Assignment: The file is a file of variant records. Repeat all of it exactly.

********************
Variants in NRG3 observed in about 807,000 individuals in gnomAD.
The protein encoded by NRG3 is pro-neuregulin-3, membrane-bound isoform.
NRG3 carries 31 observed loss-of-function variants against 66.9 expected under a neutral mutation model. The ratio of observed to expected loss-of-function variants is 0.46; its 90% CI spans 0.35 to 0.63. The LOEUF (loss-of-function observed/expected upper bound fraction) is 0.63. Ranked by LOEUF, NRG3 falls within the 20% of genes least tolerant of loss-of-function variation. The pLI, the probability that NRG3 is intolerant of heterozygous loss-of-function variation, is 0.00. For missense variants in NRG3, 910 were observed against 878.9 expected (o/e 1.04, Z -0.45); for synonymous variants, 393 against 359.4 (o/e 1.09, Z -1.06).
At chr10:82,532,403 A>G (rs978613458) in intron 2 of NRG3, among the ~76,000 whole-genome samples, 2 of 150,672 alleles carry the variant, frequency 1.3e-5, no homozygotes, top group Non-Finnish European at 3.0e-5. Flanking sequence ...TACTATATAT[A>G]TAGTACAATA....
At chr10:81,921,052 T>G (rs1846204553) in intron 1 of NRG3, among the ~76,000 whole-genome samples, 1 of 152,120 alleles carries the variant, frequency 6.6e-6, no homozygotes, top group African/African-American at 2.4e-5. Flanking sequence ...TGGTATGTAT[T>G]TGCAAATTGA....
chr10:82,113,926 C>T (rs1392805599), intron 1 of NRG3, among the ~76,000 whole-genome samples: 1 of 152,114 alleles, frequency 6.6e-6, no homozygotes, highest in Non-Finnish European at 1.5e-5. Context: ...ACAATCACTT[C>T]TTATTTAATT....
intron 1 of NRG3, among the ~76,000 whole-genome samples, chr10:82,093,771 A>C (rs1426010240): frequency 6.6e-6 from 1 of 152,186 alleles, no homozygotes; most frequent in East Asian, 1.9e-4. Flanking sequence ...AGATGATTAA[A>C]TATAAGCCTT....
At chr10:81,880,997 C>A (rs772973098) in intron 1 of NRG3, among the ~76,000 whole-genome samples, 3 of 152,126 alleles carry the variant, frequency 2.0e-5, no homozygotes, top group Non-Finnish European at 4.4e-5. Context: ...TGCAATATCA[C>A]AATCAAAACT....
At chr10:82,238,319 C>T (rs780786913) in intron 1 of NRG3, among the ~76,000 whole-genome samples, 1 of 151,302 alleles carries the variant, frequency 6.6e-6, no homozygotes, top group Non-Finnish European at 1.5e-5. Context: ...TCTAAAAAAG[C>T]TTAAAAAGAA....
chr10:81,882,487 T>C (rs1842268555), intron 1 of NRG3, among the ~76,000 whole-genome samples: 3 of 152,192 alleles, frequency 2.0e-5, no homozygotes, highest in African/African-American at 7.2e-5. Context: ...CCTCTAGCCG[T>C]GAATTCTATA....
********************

Variants in NRG3 observed in about 807,000 individuals in gnomAD.
The protein encoded by NRG3 is pro-neuregulin-3, membrane-bound isoform.
NRG3 carries 31 observed loss-of-function variants against 66.9 expected under a neutral mutation model. The ratio of observed to expected loss-of-function variants is 0.46; its 90% CI spans 0.35 to 0.63. The LOEUF (loss-of-function observed/expected upper bound fraction) is 0.63. Ranked by LOEUF, NRG3 falls within the 20% of genes least tolerant of loss-of-function variation. The pLI, the probability that NRG3 is intolerant of heterozygous loss-of-function variation, is 0.00. For missense variants in NRG3, 910 were observed against 878.9 expected (o/e 1.04, Z -0.45); for synonymous variants, 393 against 359.4 (o/e 1.09, Z -1.06).
At chr10:82,532,403 A>G (rs978613458) in intron 2 of NRG3, among the ~76,000 whole-genome samples, 2 of 150,672 alleles carry the variant, frequency 1.3e-5, no homozygotes, top group Non-Finnish European at 3.0e-5. Flanking sequence ...TACTATATAT[A>G]TAGTACAATA....
At chr10:81,921,052 T>G (rs1846204553) in intron 1 of NRG3, among the ~76,000 whole-genome samples, 1 of 152,120 alleles carries the variant, frequency 6.6e-6, no homozygotes, top group African/African-American at 2.4e-5. Flanking sequence ...TGGTATGTAT[T>G]TGCAAATTGA....
chr10:82,113,926 C>T (rs1392805599), intron 1 of NRG3, among the ~76,000 whole-genome samples: 1 of 152,114 alleles, frequency 6.6e-6, no homozygotes, highest in Non-Finnish European at 1.5e-5. Context: ...ACAATCACTT[C>T]TTATTTAATT....
intron 1 of NRG3, among the ~76,000 whole-genome samples, chr10:82,093,771 A>C (rs1426010240): frequency 6.6e-6 from 1 of 152,186 alleles, no homozygotes; most frequent in East Asian, 1.9e-4. Flanking sequence ...AGATGATTAA[A>C]TATAAGCCTT....
At chr10:81,880,997 C>A (rs772973098) in intron 1 of NRG3, among the ~76,000 whole-genome samples, 3 of 152,126 alleles carry the variant, frequency 2.0e-5, no homozygotes, top group Non-Finnish European at 4.4e-5. Context: ...TGCAATATCA[C>A]AATCAAAACT....
At chr10:82,238,319 C>T (rs780786913) in intron 1 of NRG3, among the ~76,000 whole-genome samples, 1 of 151,302 alleles carries the variant, frequency 6.6e-6, no homozygotes, top group Non-Finnish European at 1.5e-5. Context: ...TCTAAAAAAG[C>T]TTAAAAAGAA....
chr10:81,882,487 T>C (rs1842268555), intron 1 of NRG3, among the ~76,000 whole-genome samples: 3 of 152,192 alleles, frequency 2.0e-5, no homozygotes, highest in African/African-American at 7.2e-5. Context: ...CCTCTAGCCG[T>C]GAATTCTATA....